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Nonviral Vectors for Gene Therapy

Methods and Protocols

  • Mark A. Findeis

Part of the Methods in Molecular Medicine™ book series (MIMM, volume 65)

Table of contents

  1. Front Matter
    Pages i-xi
  2. Takuro Niidome, Haruhiko Aoyagi
    Pages 11-21
  3. Gert W. Bos, Daan J. A. Crommelin, Wim E. Hennink
    Pages 35-60
  4. David Oupicky, Martin L. Read, Thierry Bettinger
    Pages 61-78
  5. Fuxing Tang, Jeffrey A. Hughes
    Pages 79-88
  6. Erik T. Rump, Erik A. L. Biessen, Theo J. C. van Berkel, Martin K. Bijsterbosch
    Pages 89-104
  7. Carole Neves, Daniel Scherman, Pierre Wils
    Pages 105-109
  8. Bo-Hua Zhong, George Y. Wu, Catherine H. Wu
    Pages 111-121
  9. Yoshiyuki Takei, Atsushi Maruyama, Toshihiro Akaike, Nobuhiro Sato
    Pages 123-129
  10. Lonnie D. Shea, David J. Mooney
    Pages 195-207
  11. S. Dean Allison, Thomas J. Anchordoquy
    Pages 225-252
  12. Chad S. Braun, Lisa A. Kueltzo, C. Russell Middaugh
    Pages 253-284
  13. Sirirat Choosakoonkriang, Christopher M. Wiethoff, Lisa A. Kueltzo, C. Russell Middaugh
    Pages 285-317
  14. Brian A. Lobo, Sheila A. Rogers, Christopher M. Wiethoff, Sirirat Choosakoonkriang, Susan Bogdanowich-Knipp, C. Russell Middaugh
    Pages 319-348
  15. Christopher M. Wiethoff, C. Russell Middaugh
    Pages 349-376
  16. Yeong-Hau H. Lien, Li-Wen Lai
    Pages 377-391
  17. Back Matter
    Pages 393-399

About this book

Introduction

Nonviral gene therapy-an emerging field with great clinical promise-avoids many problems associated with viral gene therapy and offers the possibility of superior clinical effectiveness. In Nonviral Vectors for Gene Therapy: Methods and Protocols, Mark A. Findeis has assembled a panel of active researchers to present their best methods not only for preparing, handling, and characterizing gene delivery agents, but also for gene delivery. To help those preparing and characterizing gene transfer agents, the contributors examine a broad range of compounds that bind with DNA to form the compact complexes that facilitate cellular delivery-among them peptide conjugates, synthetic polymers, and lipids. They also outline specific approaches to gene transfer in vivo, including direct delivery by intratumoral injection and indirect delivery by cell-specific targeting of DNA complexes, and discuss in detail many spectroscopic techniques for characterizing nonviral gene delivery agents. Opportunities for the development and application of these novel vectors in the research lab and eventually, in the clinic, are highlighted.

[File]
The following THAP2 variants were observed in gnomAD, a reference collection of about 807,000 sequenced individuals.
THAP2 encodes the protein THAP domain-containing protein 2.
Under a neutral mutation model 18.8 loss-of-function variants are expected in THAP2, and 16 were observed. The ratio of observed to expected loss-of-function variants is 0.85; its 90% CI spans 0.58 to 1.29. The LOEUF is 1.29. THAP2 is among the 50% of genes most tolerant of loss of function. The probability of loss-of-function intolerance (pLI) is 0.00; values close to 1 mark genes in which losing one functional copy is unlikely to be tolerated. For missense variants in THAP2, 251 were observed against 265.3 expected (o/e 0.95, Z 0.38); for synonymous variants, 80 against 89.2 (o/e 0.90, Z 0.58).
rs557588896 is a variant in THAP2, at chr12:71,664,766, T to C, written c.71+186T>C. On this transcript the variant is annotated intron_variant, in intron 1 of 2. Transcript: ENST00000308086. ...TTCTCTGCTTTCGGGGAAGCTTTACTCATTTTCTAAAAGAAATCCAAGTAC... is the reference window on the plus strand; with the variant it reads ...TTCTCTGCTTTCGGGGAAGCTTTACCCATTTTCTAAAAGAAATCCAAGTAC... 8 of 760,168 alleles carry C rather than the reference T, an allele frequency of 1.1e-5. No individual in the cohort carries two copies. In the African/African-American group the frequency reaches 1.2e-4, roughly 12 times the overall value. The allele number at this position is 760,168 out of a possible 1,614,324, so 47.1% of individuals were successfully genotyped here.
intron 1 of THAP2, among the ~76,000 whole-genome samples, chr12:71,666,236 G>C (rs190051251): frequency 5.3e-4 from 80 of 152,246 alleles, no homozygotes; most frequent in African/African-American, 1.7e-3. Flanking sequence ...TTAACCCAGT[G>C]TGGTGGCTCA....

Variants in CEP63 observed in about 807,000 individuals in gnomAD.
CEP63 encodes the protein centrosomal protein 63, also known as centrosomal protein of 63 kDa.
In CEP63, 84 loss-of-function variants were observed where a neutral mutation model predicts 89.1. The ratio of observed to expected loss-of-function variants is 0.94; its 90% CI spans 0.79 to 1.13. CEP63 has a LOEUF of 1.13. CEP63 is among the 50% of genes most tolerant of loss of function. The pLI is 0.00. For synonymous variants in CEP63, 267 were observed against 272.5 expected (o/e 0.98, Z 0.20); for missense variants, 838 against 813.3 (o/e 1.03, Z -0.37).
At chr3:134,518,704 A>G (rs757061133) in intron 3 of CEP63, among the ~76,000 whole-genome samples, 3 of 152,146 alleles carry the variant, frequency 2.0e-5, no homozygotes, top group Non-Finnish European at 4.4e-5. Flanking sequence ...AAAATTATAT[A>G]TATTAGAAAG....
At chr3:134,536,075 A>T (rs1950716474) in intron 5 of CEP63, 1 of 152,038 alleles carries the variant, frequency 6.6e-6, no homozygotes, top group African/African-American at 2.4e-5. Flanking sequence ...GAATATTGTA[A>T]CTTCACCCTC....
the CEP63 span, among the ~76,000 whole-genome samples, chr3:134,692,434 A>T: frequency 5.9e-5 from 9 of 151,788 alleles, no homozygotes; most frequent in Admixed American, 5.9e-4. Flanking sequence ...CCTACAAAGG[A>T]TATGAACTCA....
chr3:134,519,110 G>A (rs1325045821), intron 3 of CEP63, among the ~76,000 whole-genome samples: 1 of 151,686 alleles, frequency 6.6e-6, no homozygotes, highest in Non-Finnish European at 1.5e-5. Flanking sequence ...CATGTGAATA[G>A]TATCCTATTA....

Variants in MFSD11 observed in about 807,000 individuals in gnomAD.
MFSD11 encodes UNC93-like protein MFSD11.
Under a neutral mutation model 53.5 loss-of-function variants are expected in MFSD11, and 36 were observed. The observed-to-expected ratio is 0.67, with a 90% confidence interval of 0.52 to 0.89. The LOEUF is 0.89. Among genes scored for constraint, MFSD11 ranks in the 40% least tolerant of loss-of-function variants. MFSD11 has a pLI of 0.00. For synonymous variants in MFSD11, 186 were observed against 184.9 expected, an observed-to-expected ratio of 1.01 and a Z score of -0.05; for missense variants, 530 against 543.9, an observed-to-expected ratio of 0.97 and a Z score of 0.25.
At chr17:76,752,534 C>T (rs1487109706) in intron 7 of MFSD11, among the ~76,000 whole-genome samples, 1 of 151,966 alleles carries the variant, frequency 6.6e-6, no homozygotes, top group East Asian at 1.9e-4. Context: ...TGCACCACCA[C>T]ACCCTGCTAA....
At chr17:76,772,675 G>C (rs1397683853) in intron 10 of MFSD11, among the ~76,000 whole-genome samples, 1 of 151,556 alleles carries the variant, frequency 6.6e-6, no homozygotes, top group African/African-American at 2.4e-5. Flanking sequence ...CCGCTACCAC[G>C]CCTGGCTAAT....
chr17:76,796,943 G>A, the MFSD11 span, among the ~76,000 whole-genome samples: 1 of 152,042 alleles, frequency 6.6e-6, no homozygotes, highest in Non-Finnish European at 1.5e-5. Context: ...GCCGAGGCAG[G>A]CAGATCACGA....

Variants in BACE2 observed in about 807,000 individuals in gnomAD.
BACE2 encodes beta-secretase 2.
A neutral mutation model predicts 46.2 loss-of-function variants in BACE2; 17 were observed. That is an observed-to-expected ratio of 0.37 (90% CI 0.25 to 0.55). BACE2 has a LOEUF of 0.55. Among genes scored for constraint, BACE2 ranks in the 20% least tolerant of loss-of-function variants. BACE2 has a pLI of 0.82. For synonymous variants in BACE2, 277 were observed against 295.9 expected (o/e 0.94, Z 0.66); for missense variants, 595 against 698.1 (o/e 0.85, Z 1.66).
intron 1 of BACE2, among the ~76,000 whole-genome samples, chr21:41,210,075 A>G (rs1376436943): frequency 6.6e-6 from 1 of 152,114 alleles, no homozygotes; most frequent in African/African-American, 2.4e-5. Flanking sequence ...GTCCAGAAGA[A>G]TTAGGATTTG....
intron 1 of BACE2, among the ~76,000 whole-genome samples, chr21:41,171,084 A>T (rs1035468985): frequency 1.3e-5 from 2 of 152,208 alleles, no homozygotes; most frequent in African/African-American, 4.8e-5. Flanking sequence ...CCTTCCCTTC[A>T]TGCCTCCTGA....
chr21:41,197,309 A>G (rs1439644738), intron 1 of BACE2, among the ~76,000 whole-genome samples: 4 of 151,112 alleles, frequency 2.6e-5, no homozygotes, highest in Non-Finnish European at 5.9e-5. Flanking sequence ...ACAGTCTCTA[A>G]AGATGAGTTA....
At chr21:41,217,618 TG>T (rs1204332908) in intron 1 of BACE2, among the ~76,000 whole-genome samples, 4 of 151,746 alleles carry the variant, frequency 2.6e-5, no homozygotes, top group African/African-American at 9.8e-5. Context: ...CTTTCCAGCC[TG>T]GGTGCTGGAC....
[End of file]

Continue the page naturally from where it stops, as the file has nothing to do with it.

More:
Comprehensive and state-of-the-art, Nonviral Vectors for Gene Therapy: Methods and Protocols illuminates for today's investigators the powerful new approaches to the creation of nonviral materials, as well as their efficacious use in delivering therapeutic genes to patients across the spectrum of human disease.

Editors and affiliations

  • Mark A. Findeis
    • 1
  1. 1.Praecis Pharmaceuticals IncorporatedWaltham

Bibliographic information

  • DOI https://doi.org/10.1385/1592591396
  • Copyright Information Humana Press 2001
  • Publisher Name Humana Press
  • eBook Packages Springer Protocols
  • Print ISBN 978-0-89603-712-0
  • Online ISBN 978-1-59259-139-8
  • Series Print ISSN 1543-1894
  • Series Online ISSN 1940-6037
  • Buy this book on publisher's site